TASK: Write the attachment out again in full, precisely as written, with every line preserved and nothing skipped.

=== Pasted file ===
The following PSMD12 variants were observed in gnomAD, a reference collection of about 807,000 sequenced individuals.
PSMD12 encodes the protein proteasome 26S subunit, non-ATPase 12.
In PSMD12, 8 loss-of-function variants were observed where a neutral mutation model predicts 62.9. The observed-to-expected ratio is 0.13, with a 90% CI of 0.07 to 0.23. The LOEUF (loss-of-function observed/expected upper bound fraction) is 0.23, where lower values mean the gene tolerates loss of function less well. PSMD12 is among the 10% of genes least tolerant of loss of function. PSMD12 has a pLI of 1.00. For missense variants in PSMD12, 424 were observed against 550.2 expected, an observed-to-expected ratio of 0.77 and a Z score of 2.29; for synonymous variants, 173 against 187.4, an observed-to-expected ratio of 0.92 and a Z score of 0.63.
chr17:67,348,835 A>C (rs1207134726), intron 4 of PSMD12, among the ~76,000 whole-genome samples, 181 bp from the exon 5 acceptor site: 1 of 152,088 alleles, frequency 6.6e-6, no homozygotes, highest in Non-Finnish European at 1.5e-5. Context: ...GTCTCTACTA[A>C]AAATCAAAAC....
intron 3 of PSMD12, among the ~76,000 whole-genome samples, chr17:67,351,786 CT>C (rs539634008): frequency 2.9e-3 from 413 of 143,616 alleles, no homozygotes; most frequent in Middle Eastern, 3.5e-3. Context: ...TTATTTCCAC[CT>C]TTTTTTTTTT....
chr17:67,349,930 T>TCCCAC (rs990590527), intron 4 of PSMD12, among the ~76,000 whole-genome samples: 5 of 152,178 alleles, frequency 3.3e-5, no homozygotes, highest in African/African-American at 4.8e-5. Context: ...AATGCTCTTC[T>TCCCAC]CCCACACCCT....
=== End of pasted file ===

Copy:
The following PSMD12 variants were observed in gnomAD, a reference collection of about 807,000 sequenced individuals.
PSMD12 encodes the protein proteasome 26S subunit, non-ATPase 12.
In PSMD12, 8 loss-of-function variants were observed where a neutral mutation model predicts 62.9. The observed-to-expected ratio is 0.13, with a 90% CI of 0.07 to 0.23. The LOEUF (loss-of-function observed/expected upper bound fraction) is 0.23, where lower values mean the gene tolerates loss of function less well. PSMD12 is among the 10% of genes least tolerant of loss of function. PSMD12 has a pLI of 1.00. For missense variants in PSMD12, 424 were observed against 550.2 expected, an observed-to-expected ratio of 0.77 and a Z score of 2.29; for synonymous variants, 173 against 187.4, an observed-to-expected ratio of 0.92 and a Z score of 0.63.
chr17:67,348,835 A>C (rs1207134726), intron 4 of PSMD12, among the ~76,000 whole-genome samples, 181 bp from the exon 5 acceptor site: 1 of 152,088 alleles, frequency 6.6e-6, no homozygotes, highest in Non-Finnish European at 1.5e-5. Context: ...GTCTCTACTA[A>C]AAATCAAAAC....
intron 3 of PSMD12, among the ~76,000 whole-genome samples, chr17:67,351,786 CT>C (rs539634008): frequency 2.9e-3 from 413 of 143,616 alleles, no homozygotes; most frequent in Middle Eastern, 3.5e-3. Context: ...TTATTTCCAC[CT>C]TTTTTTTTTT....
chr17:67,349,930 T>TCCCAC (rs990590527), intron 4 of PSMD12, among the ~76,000 whole-genome samples: 5 of 152,178 alleles, frequency 3.3e-5, no homozygotes, highest in African/African-American at 4.8e-5. Context: ...AATGCTCTTC[T>TCCCAC]CCCACACCCT....